A “neural tourniquet” doesn’t sound like a thing that should work. Even its inventors admit it.
“It’s a real leap of faith: ‘I know, we’ll stimulate a nerve to control bleeding,’ ” says Chris Czura, a vice president of the Feinstein Institute for Medical Research, near New York City. “When you say this to surgeons, they look at you funny.”
But in the Feinstein team’s 15 years of research, it has gathered ample evidence for this type of bioelectronic medicine, with studies that show neural stimulation can prevent or stop severe hemorrhages in lab animals. Now the researchers are launching a clinical trial in humans to show the world that their strange idea doesn’t just work—it can save lives.
This tech is different from typical tourniquets, which have been used since Alexander the Great’s military campaigns in ancient Persia. When a soldier was wounded, one of Alexander’s physicians would tie a rope around the soldier’s limb above the wound, compressing the blood vessels and stopping the blood flow. In today’s emergency medicine, first responders use tourniquets in the same way.
With the neural tourniquet, there’s no rope and no physical compression of the blood vessel. Instead, doctors press a handheld device against the skin (Czura won’t say exactly where, citing proprietary details) to stimulate the vagus nerve, which transmits information between the brain and the major organs. This nerve stimulation conveys a signal to the spleen, where platelets—cell-like structures in blood that form clots—receive their instructions. This signal causes nerve cells in the spleen to release a chemical that “primes” the platelets, prepping them to clot when they encounter a wound anywhere in the body.
Clotting Commands: Stimulating the vagus nerve sends a signal to the spleen, where blood is filtered. The blood carries platelets, cell-like structures that form clots. The spleen’s nerve cells release neurotransmitters that make platelets more responsive to certain chemicals that are present near a wound. When platelets encounter those chemicals, they’ll quickly form a clot. Illustration: Erik Vrielink
“This grabs control of the mechanism the brain uses,” Czura says. “The body has this natural physiologic pathway to control bleeding, and this just ramps it up.”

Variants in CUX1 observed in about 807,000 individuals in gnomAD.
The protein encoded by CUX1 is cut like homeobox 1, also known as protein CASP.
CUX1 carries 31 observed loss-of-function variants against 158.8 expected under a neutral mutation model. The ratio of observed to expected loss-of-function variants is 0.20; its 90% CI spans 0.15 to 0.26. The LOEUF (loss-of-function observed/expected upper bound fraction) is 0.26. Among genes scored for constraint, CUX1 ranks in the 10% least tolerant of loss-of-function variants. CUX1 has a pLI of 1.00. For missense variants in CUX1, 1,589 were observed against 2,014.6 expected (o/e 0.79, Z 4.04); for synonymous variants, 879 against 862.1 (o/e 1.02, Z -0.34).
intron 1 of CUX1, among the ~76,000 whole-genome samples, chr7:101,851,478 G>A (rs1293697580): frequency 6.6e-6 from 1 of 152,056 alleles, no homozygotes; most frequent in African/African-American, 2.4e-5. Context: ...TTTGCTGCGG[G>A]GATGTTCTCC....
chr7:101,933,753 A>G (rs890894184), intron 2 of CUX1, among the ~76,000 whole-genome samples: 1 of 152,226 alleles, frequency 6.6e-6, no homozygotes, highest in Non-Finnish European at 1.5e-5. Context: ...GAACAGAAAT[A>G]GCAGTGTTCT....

A 2010 study in pigs found that the neural tourniquet reduced bleeding time by 40 percent and the volume of blood loss by 50 percent. And it worked quickly. Within 3 minutes of jolting the pig’s nerve, the researchers measured an increase in an enzyme associated with clotting at the site of injury, while enzyme levels remained steady elsewhere in the body. Other animal studies have demonstrated that the tech works for both internal and external injuries.
Czura and his colleagues say the neural tourniquet could be useful for battlefield medicine, emergency response, surgery, and postpartum care. It’s in that last category that the technology will get its first test. Sanguistat, a spin-off company from the Feinstein Institute, will test the tourniquet as a treatment for postpartum hemorrhage, the leading cause of maternal death worldwide. In Africa and Asia, excessive bleeding kills close to 80,000 new mothers each year. Sanguistat is partnering with the Bill Gates–backed Global Good fund to conduct clinical trials in both the United States and the developing world.
Experts on postpartum hemorrhage note that it’s a tricky condition to remedy, requiring the reestablishment of a delicate bodily balance. Andrew Weeks, a professor of international maternal health at the University of Liverpool, in England, explains that pregnant women already have an increased tendency to form clots. Doctors need to guard against thrombosis, he says, a potentially dangerous condition in which a clot forms and blocks a blood vessel.
Weeks also notes that researchers are making progress on pharmaceutical treatments for postpartum hemorrhage. He expects results soon from a worldwide study involving 20,000 women that’s testing an inexpensive drug called tranexamic acid. For the neural tourniquet to be widely adopted, he says, “it would need to be easy to obtain and use in an emergency, act rapidly—within a few minutes—and be reversible or transient to prevent thrombosis.”
Feinstein researcher and trauma surgeon Jared Huston hopes the neural tourniquet will become a new tool for surgeons. Before an operation, the stimulator could be applied as a protective measure against hemorrhage, he says, in the same way that patients get antibiotics before surgery to protect against infection. Huston would also like to have a better treatment for emergency-room patients, noting that he recently had a 30-year-old patient die from blood loss after a motorcycle accident. “If the surgeon doesn’t get in there to stop the bleeding in time, it’s game over,” he says.